New Book

International Student Mobility and the New World Disorder

Book Cover Marguerite J. Dennis International Student MobilityLet me be clear. This blog is a promotion for my book. I am passionate about the subject matter and am convinced that the ways in which international students were recruited in the past will longer be the methods used to recruit them in the future.

Based on ten years of research and written with insight and creativity, International Student Mobility and the New World Disorder and Practical Recommendations for International Enrollment Managers, Deans and Recruiters expands the marketplace of ideas and offers readers multiple approaches to planning and implementing strategic international programs and recruiting future international students.

In Part 1 of this book the author makes the case for how recent political, economic, societal and technological trends throughout the world have, and will continue, to impact future international student mobility. The negative impact of the Brexit vote and the 2016 presidential election in the United States on future international student mobility are outlined in detail.

Current international student mobility trends, the Asian pivot, and the rise of different worldwide educational hubs will allow the reader to peer into the future of likely student migrations.

In Part 2 the author lists practical recommendations for dealing with the new realities of future international student mobility, poses 40 questions to ask before writing a strategic international student recruitment plan and lists the elements of successful and unsuccessful international student recruitment plans. Part 2 concludes with listing over 100 practical suggestions for how to increase international student enrollment.  

Part 3 presents examples of how to audit and assess international programs and lists an appendix of reports for international managers and deans.

The dark alchemy of disruption and unpredictability demand a new way of thinking and planning. Whether a college or university enjoys a robust international student recruitment program or is just beginning to develop one, International Student Mobility and the New World Disorder will provide insights and recommendations for how to effectively deal with the new world disorder.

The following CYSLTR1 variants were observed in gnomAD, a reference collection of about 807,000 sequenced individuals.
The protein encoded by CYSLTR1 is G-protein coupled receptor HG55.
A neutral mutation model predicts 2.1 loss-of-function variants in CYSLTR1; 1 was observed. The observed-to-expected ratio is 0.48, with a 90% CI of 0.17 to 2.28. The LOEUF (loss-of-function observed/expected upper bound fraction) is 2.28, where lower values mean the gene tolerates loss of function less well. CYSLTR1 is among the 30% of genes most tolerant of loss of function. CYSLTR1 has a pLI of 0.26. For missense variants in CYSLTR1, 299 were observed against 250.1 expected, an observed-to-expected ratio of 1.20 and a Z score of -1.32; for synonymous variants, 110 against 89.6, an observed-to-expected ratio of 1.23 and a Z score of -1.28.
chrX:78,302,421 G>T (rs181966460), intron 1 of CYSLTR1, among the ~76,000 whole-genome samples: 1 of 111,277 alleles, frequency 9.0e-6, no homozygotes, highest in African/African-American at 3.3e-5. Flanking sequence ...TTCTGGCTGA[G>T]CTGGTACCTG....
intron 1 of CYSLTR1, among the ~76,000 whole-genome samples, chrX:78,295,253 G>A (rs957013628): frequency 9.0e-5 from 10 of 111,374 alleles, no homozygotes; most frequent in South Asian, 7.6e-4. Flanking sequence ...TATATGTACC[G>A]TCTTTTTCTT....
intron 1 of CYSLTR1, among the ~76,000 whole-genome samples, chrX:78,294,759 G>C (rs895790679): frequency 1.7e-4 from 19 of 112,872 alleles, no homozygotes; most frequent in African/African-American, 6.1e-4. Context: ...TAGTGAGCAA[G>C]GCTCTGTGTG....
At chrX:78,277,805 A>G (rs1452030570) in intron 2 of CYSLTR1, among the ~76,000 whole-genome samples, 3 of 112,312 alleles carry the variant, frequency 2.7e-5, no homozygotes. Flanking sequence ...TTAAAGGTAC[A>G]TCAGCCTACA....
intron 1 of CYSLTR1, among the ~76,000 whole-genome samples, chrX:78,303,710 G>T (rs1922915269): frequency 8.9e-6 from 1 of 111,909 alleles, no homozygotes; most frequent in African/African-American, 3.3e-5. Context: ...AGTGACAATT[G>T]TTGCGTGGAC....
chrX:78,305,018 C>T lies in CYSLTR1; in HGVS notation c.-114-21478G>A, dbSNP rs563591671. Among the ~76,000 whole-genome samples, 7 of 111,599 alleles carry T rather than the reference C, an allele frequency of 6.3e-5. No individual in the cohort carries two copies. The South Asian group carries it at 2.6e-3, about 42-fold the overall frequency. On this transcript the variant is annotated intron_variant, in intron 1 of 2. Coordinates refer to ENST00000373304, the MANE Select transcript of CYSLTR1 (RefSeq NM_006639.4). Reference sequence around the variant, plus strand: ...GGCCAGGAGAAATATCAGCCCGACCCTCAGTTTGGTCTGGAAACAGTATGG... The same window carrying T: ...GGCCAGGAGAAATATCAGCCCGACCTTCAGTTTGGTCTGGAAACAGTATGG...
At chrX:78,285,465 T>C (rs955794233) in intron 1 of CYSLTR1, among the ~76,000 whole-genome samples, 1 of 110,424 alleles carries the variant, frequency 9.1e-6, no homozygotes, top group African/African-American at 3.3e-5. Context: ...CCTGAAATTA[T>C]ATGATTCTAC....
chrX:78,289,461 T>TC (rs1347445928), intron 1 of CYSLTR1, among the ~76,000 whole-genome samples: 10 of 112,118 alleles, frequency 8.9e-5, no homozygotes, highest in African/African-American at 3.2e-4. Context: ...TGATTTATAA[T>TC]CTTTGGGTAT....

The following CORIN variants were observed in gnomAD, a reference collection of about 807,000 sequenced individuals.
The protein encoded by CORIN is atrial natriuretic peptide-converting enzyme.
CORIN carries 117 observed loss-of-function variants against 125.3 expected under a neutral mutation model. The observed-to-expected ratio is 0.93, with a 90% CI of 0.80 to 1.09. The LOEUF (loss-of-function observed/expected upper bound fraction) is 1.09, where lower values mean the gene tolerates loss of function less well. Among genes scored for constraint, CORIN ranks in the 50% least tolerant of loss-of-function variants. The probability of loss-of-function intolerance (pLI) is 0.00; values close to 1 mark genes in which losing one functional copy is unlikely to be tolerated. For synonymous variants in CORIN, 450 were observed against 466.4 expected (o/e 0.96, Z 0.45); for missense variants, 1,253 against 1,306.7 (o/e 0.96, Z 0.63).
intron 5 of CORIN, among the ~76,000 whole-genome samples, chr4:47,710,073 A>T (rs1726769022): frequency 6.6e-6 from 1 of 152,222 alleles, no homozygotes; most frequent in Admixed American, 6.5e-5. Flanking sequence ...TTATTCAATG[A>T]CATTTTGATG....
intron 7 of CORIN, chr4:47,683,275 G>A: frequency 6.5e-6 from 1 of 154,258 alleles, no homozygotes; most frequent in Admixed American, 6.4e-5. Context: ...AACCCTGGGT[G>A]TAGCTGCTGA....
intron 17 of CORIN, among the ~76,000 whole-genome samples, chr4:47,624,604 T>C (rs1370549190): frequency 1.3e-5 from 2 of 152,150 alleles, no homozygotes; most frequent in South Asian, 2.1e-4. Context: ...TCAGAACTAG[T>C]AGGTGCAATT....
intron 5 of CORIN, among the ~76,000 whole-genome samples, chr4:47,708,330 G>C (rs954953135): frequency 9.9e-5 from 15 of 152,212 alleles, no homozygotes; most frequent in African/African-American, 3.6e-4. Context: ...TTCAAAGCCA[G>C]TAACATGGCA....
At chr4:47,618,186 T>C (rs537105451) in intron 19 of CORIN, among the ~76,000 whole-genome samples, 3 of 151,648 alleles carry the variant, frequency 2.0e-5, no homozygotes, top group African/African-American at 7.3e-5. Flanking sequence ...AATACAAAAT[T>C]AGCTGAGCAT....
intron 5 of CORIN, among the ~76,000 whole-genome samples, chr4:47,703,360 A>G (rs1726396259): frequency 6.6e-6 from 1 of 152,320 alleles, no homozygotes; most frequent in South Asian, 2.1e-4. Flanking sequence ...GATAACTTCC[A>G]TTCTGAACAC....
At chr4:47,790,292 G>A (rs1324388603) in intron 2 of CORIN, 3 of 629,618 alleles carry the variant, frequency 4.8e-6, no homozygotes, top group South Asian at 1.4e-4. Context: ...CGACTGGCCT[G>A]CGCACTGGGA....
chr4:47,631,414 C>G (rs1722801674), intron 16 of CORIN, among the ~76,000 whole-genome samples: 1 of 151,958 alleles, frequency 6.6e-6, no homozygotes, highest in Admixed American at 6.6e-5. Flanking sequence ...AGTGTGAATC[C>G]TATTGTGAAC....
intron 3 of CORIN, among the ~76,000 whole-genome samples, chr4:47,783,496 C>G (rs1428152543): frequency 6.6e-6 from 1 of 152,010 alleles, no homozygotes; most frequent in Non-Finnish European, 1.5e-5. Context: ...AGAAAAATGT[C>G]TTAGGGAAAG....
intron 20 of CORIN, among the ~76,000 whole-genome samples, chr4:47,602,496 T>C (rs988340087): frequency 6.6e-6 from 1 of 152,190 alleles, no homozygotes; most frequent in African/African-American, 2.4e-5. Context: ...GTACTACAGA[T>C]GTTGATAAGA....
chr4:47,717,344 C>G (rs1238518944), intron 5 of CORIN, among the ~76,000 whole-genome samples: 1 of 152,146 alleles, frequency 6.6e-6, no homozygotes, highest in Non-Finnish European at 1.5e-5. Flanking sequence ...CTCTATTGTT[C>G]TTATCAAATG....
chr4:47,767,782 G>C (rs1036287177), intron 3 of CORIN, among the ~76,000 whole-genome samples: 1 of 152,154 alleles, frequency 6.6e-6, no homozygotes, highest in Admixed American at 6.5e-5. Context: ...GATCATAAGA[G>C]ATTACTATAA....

Marguerite J.  Dennis is an internationally recognized expert on creating strategic international plans and international student recruitment programs. She is the author of six books on higher education, two books on trends in international higher education and more than 200 articles on higher education in the United States and international higher education. She has served as a consultant to colleges and universities in Asia and the Middle East and is a member of the Board of Trustees of Regent’s University London and is member of the Advisory Board for the Observatory on Borderless Education.

The New Silk Road


The New Silk Road and Future International Student Mobility


The original Silk Road, established during the Han dynasty, beginning around 130 B.C., created a string of markets and trading posts from Antioch, across the Syrian desert, through Iraq and Iran to the former capital of China, Xian.

In 2013,  China’s President Xi Jinping announced the “One Belt, One Road,” initiative.  The infrastructure project is estimated to cost more than a trillion dollars and involves 68 countries south and west of China, along the historic Silk Road. China’s overarching aim is to construct a network of ports, railways and pipelines that will plug China into economic hubs across Asia, the Middle East, Africa and Europe. When complete, the Belt and Road will connect approximately 65 percent of the world’s population.  According to David Dollar, a senior fellow at the Brookings Institution, China loans about $40 million a year to developing countries.

This integration will inevitably strengthen Chinese economic, political and maritime power in the region, and by extension, educational collaborations with  regional colleges and universities.

What does all this have to do with future international recruitment? China’s higher education initiatives include increasing the number of international students studying on Chinese campuses to 500,000 by 2020.

One example of Chinese higher education expansion was the founding of the Asian Universities Alliance in 2017 with an initial membership of 15 universities. In addition to promoting student and faculty mobility within Asia, the organization also aims to promote collaborative research among member institutions.

Another example of growing Chinese influence in higher education is providing scholarships to students from all over the world. This is most evident in Africa. In 2003, there were 2,000 African students studying in China. By 2015, the number had increased to 50,000.

China’s political, economic and strategic educational initiatives and its robust funding policies will pull future international students away from Western colleges and universities. Brand name schools, of course, will not be negatively impacted. But schools with low international profiles and endowments and dependent on international student revenue to meet enrollment and financial goals, will no longer be able to count on future Chinese enrollment This may not happen tomorrow. But, I predict, it will happen.